18 April 2010


The Gospel at Mass today (Sunday 18 April) was from the 21st chapter of John.  In it, Jesus, after asking Peter if he loves Jesus, says:
Jesus said to him, “Feed My sheep.  Most assuredly, I say to you, when you were younger, you girded yourself and walked where you wished; but when you are old, you will stretch out your hands, and another will gird you and carry you where you do not wish.”
Father Peter expounded a bit on the sometimes-upsetting way in which the unexpected can come into our lives, with consequent effects on our plans - and on the fact that these, too, are a part of God's Providence, just as much as the time that things seemed to work together to help us achieve those plans.

This rather resonated with me at present.

No, I do not suppose that the loss of control of my lower lip is likely to lead to my martyrdom - and the Gospel tells us that is what Jesus was alluding to in Peter's case.  Nevertheless, I find my depth of emotion rather striking as I contemplate the possibility that - with that quite unexpected accident - my horn-playing days may, indeed, be over.

Or maybe not.

The accident was less than three weeks ago (it happened on 30 March).  Minor injuries from it (a scratch here, a bruise there) are all but healed.  The centre of the lower lip is still numb.  When I try to play the horn my tone is unstable and my range limited.  There is a horizontal ridge of scar tissue (where, I suppose, my teeth cut into the lip).  But it is very early days yet.

I have told the orchestra people that they must not count on me for the June concert.  They are trying to find a substitute now.  If I can, I want to be what is called a 'bumper' - a person who plays the same part as the first horn in order to relieve the first player of having to play really loud in some parts, and things like that.

My concern is that - even if my control returns eventually - if the time is too long, they will have found it necessary to replace me.  There is little likelihood of my playing in any other orchestra around, because of time and venue issues.  And if I am unable to play for, say, six months, it is going to take quite some time to get back into shape.  We shall see.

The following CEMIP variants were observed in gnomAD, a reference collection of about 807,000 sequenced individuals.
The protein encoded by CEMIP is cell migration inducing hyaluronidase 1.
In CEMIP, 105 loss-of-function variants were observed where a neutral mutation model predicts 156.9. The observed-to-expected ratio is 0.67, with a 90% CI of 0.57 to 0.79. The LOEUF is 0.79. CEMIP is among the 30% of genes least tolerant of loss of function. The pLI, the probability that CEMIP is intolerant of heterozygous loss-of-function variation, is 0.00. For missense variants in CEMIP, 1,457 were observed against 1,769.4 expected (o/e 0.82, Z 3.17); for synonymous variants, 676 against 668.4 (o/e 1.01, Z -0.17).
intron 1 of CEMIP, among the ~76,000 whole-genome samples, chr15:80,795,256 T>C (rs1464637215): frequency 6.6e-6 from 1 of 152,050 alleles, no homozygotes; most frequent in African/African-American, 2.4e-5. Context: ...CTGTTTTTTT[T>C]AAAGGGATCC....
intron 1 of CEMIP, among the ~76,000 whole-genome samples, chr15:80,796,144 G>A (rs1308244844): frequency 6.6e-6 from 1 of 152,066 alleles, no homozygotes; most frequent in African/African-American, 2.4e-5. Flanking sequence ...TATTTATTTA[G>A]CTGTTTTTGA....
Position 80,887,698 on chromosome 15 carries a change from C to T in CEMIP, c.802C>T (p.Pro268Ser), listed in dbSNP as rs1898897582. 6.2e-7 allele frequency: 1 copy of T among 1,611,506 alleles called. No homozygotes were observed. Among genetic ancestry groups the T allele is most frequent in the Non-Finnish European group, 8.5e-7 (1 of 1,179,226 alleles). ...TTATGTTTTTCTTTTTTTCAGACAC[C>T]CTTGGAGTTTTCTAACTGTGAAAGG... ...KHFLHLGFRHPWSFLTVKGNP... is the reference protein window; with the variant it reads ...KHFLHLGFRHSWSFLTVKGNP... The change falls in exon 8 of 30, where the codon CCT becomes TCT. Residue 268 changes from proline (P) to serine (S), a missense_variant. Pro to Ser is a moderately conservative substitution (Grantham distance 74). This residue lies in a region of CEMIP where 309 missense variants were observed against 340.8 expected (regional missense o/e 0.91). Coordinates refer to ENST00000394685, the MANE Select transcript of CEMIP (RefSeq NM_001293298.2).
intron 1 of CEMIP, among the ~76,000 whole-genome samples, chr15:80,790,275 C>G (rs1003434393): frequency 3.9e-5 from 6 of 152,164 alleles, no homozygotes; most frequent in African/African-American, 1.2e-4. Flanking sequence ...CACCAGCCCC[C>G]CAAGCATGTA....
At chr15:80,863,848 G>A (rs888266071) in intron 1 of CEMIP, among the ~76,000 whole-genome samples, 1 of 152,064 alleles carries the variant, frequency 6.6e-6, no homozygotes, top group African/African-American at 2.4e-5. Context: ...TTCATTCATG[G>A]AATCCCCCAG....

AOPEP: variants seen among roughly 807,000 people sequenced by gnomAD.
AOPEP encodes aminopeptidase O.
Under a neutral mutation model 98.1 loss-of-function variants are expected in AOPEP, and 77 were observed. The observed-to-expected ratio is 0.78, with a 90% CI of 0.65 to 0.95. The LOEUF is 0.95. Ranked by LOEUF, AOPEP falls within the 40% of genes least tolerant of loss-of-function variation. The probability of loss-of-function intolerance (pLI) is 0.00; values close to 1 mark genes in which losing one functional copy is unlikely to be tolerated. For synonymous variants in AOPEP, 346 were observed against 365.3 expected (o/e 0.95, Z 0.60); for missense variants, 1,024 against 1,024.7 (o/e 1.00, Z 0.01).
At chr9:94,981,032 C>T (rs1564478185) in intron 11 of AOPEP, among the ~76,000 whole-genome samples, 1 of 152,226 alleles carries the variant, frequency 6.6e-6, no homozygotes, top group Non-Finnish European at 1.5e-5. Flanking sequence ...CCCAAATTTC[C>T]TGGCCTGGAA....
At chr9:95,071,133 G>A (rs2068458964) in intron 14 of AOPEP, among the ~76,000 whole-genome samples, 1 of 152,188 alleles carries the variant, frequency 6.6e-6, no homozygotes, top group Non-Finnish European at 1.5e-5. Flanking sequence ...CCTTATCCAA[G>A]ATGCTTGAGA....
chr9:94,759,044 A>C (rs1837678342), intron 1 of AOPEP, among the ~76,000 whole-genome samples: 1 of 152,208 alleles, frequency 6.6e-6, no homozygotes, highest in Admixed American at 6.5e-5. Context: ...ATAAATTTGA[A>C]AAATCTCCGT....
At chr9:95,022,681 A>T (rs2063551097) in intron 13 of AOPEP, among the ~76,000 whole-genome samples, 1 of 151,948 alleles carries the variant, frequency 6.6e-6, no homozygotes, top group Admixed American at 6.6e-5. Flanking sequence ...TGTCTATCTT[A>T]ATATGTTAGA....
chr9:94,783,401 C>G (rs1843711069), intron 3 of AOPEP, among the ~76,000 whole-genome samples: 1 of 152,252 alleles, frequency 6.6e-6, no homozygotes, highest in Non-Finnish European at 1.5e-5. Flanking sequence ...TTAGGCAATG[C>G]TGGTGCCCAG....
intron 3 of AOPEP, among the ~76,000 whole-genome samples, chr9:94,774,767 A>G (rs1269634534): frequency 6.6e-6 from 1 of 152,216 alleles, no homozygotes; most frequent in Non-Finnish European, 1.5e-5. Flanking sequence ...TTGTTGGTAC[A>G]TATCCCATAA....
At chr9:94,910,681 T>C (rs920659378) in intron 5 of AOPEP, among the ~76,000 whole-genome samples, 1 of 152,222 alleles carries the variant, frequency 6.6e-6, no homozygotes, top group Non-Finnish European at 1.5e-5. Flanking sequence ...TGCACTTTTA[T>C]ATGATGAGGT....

So I found Father's homily on the effect of the unexpected interruption in our lives to be quite ... intriguing :-)

The accident has had an additional effect, which is not all bad.  Two effects, actually.

First, when I explained to our insurer how the accident had happened - and that I had been using the 'van to deliver Susan's papers - they raised a red flag immediately: commercial use.  Thankfully, they accepted the claim, since I didn't know at the time that would be an issue, and because at the time of the accident I had actually abandoned the paper run and was trying to get home.  But we have had to change the cover.  The cost is twice what it was - and the coverage is more limited (market value rather than replacement cost).  Never mind!  It is a good thing to get this straight.  It could have had dire consequences in other circumstances.

Second, of course, we have had to replace the 'van.  That has been something that has been looming for some time.  The written-off 'van was a 1989 Toyota TownAce (that's not the car itself, but that's what it looked like).  Its days were numbered.  Rust was threatening to be a problem with the Warrant of Fitness.  Other things were showing up.

We have had to borrow significantly, but I knew that would happen.  We are now the owners of a 2000 Toyota Estima (again, that's someone else's car).  When the dealer suggested it to me on the 'phone, I misunderstood the model - I admit I was a bit surprised.  I hadn't known they were still making them :-)  This is the newest car we have ever owned!

I am back to work tomorrow, after a very eventful three and half weeks.  I look forward to a rest :-)

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